Governments and regulators reacted to the 2008 financial crisis by introducing a raft of regulation for financial services, acquainting professionals with a range of acronyms such as MiFID, PRIIPS, EMIR and FATCA. The aim of much of the regulation: to improve
transparency through reporting information to regulators and government authorities to help them with detection and prevention of potential market failures, and to make better decisions about the supervision of the financial sector.
Tax has not been insulated from such new regulation. Indeed, tax transparency has been a key theme for global regimes aiming to combat offshore tax evasion through a series of new reporting obligations. Most notable are the Foreign Account Tax Compliance
Act (FATCA) and the Common Reporting Standard (CRS).
The introduction of tax regulations such as FATCA and CRS were initially problematic for financial institutions. Like other regulations introduced since 2008, the timeframe from regulations and guidance to go live was tight, and project teams were competing
for budget against other impending regulations that required resourcing. In addition, many jurisdictions enforced their own interpretations of the regulations, which may have deviated away from the global standards; for example, CRS has seen many jurisdictions
introduce their own subtle requirements. This created challenges for multinational financial institutions looking to develop a standardised operating model across jurisdictions and resulted in many financial institutions initially implementing a minimum level
of compliance to get them over the line, using processes and solutions that would not be ideal in the medium to long term.
Fast forward to 2019, and financial institutions have gone through a few reporting cycles for FATCA and CRS. The influx of new regulations is easing as focus shifts to ongoing supervision and refinement. Technology is improving, and adopting technology to
streamline tax operations is becoming an ever more compelling business case. Therefore, financial institutions now have the opportunity to review their tax operating models to seek out improvements – not just for managing compliance risk but reducing cost
and improving client experience.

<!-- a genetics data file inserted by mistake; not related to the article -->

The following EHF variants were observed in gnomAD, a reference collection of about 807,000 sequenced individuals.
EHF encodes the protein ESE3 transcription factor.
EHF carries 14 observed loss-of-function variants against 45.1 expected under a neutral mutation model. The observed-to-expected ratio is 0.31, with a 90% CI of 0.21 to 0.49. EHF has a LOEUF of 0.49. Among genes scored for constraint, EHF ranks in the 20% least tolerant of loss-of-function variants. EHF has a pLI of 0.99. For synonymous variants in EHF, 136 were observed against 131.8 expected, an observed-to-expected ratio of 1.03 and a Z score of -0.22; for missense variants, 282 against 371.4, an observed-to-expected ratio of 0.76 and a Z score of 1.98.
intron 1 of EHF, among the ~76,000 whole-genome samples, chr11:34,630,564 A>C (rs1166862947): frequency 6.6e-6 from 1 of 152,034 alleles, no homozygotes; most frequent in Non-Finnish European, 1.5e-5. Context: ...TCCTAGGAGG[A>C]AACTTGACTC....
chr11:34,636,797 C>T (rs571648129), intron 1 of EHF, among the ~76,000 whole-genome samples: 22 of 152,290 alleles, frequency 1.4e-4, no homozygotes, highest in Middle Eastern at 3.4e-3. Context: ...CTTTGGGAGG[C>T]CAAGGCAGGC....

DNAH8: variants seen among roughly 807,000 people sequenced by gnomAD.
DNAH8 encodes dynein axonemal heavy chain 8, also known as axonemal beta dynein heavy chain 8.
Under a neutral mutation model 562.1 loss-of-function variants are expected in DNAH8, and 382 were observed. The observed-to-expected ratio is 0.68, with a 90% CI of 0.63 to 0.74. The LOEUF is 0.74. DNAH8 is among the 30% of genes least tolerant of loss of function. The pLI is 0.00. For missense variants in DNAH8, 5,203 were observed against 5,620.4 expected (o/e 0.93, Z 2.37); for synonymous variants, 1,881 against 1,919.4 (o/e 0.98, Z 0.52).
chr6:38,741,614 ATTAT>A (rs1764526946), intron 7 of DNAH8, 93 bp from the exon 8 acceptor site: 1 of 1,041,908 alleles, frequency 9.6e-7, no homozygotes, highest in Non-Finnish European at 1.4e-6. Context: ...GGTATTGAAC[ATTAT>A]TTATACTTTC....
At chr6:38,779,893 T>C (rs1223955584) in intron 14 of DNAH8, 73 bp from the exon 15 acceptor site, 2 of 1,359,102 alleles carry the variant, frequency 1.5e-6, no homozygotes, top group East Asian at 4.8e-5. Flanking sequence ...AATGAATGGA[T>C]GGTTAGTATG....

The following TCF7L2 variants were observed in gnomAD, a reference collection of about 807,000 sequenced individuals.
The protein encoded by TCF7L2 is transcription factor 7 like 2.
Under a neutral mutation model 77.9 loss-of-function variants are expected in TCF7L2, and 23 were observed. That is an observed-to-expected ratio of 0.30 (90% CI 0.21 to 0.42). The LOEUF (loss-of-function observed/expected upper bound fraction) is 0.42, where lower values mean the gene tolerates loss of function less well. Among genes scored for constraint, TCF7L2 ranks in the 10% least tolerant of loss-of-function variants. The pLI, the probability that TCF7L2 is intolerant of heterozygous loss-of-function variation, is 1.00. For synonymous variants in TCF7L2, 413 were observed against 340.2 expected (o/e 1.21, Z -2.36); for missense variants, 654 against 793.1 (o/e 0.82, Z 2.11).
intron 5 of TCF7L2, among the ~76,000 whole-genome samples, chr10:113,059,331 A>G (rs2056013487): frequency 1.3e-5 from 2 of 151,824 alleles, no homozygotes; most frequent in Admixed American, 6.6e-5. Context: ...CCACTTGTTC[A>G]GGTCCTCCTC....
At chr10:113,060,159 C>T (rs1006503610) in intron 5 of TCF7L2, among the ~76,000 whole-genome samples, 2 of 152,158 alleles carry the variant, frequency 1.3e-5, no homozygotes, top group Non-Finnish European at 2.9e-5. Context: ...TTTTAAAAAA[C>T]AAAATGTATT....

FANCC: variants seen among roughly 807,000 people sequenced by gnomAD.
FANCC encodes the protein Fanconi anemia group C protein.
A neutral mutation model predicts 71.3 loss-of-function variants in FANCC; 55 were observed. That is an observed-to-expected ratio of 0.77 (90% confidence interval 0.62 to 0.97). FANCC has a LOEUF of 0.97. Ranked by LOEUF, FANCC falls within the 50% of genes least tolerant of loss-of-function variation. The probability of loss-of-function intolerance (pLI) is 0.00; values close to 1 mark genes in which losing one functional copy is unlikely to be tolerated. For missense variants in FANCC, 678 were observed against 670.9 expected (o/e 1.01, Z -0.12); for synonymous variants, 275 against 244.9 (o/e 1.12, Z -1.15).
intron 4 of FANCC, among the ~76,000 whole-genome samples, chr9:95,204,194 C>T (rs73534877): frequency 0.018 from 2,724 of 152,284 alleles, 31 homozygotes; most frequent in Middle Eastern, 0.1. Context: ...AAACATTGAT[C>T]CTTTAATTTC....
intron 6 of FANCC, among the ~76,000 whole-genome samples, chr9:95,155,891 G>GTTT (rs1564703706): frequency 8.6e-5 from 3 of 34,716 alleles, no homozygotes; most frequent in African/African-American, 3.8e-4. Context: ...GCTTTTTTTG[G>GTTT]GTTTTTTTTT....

The adoption of technology for tax varies across sectors. For institutional businesses such as investment banking and asset servicing, where there are higher volumes of due diligences to a mainly institutional client base, there are many considerations:
- Utilities can be employed to store, maintain and validate tax documents. This enables a one-time completion and upload of information for the investment manager, and a source of up to date tax documents for the financial institution to retrieve data from
- Optical Character Recognition helps organisations digitise data on documents, which then can be fed through the rest of the process
- Connectivity end to end, which may involve using application programme interfaces to ensure that data moves smoothly through a process, including introducing data from KYC to assist with validation for FATCA and CRS
For financial institutions with a more retail client base, having the capability to onboard a client smoothly is essential:
- Digital client interfaces are becoming increasingly popular as part of digital onboarding initiatives, which help financial institutions collect the required information from the client and maximise the possibility of collecting the correct information
at the first time of asking
- Collecting digital data at the outset then enables the organisation to consume the data, process and monitor using automation and have the data in the ideal format for reporting from the outset
The time is now for organisations to review the due diligence processes implemented to initially comply with FATCA and CRS. Advances in technology enable organisations to think beyond compliance and evaluate not only their process but also how compliance
affects client experience. As regulators shift toward ongoing supervision of regulation, it should create capacity at financial institutions to focus on reviewing the existing solution and building business cases for improvement. When organisations conduct
this review, they should look not only at FATCA and CRS, but also for synergies with other regulations and at building flexibility for forthcoming regulations. Given the potentially broad scope for the EU’s DAC 6, organisations may have to rethink managing
tax data and client onboarding. Therefore, the solutions that got them over the line for FATCA and CRS may not be the right ones going forward.